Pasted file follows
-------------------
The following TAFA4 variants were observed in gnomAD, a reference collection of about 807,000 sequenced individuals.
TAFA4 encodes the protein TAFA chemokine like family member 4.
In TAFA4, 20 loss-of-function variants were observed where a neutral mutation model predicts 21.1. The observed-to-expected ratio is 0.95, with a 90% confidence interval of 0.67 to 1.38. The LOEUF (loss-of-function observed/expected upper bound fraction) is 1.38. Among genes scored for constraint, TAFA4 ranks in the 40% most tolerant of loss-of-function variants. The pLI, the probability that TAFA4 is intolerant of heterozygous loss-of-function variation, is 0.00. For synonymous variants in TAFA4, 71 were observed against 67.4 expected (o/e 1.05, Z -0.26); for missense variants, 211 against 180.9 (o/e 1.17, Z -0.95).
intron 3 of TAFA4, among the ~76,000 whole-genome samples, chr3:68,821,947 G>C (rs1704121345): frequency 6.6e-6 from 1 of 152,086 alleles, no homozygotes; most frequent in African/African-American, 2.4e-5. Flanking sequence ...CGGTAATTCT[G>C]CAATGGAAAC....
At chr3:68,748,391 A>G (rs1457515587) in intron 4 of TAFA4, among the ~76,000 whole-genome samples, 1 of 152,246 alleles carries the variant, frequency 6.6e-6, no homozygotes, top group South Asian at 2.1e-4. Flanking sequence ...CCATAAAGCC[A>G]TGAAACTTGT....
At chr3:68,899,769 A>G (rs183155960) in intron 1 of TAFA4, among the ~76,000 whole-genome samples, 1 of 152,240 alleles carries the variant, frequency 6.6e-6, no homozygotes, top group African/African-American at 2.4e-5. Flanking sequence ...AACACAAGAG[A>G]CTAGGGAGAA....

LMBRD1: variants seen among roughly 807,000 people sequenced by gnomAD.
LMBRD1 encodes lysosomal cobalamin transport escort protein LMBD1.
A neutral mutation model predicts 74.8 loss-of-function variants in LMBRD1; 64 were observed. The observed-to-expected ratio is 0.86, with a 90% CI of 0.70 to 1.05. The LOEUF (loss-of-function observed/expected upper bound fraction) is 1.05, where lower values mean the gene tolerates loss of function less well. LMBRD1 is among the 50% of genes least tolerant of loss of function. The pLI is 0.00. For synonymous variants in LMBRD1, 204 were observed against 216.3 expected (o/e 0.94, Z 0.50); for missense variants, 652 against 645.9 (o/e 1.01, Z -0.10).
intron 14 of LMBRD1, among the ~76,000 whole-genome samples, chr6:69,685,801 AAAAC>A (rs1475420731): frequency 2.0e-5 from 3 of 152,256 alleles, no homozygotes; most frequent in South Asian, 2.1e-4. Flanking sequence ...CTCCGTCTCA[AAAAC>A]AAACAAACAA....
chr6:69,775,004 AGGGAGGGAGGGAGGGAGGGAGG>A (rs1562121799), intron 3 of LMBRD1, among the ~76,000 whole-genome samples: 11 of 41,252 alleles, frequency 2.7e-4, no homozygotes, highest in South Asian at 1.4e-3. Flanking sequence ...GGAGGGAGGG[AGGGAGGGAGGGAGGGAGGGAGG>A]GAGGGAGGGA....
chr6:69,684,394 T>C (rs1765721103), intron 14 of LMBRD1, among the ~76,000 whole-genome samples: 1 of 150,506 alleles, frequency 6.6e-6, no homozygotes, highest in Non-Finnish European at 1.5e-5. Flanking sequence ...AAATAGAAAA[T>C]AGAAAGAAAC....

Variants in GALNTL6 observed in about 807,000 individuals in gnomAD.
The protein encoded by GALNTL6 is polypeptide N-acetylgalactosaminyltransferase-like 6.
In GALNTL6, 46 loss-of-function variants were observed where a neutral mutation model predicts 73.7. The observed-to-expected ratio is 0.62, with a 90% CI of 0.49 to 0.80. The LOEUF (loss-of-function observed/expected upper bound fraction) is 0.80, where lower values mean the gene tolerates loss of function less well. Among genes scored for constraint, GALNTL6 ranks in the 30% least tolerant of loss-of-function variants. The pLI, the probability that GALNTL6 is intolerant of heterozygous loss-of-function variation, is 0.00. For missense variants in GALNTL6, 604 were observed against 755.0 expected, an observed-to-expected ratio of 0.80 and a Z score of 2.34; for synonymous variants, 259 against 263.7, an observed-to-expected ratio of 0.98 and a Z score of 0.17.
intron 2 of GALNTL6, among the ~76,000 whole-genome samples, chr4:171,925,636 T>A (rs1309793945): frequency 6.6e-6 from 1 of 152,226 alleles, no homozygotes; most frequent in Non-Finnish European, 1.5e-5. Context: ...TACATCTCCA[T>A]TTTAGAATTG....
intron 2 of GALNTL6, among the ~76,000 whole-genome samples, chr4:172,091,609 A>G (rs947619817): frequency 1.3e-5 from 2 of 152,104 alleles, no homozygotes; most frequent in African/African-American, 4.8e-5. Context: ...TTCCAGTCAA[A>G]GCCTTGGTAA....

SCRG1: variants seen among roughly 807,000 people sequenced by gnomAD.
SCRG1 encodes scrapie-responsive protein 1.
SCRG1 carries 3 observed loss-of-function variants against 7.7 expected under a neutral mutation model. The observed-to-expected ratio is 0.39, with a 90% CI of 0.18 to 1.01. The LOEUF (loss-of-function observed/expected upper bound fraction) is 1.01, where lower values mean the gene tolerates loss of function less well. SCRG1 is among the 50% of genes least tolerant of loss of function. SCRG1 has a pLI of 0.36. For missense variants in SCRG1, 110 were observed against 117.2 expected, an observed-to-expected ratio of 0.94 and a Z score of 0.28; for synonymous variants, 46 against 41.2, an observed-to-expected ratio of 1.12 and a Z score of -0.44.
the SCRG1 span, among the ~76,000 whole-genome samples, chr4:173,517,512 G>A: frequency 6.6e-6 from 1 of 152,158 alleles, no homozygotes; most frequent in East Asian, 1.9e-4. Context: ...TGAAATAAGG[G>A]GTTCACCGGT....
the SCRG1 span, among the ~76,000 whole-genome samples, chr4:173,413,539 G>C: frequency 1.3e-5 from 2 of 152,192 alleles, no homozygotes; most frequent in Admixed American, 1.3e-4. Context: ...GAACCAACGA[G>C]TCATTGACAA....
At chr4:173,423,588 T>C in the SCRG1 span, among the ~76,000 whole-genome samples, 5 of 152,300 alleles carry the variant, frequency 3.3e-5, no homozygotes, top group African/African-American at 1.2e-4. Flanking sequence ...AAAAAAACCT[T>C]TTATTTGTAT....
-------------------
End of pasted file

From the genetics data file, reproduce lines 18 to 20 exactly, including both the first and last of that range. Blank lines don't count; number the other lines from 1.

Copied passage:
SCRG1: variants seen among roughly 807,000 people sequenced by gnomAD.
SCRG1 encodes scrapie-responsive protein 1.
SCRG1 carries 3 observed loss-of-function variants against 7.7 expected under a neutral mutation model. The observed-to-expected ratio is 0.39, with a 90% CI of 0.18 to 1.01. The LOEUF (loss-of-function observed/expected upper bound fraction) is 1.01, where lower values mean the gene tolerates loss of function less well. SCRG1 is among the 50% of genes least tolerant of loss of function. SCRG1 has a pLI of 0.36. For missense variants in SCRG1, 110 were observed against 117.2 expected, an observed-to-expected ratio of 0.94 and a Z score of 0.28; for synonymous variants, 46 against 41.2, an observed-to-expected ratio of 1.12 and a Z score of -0.44.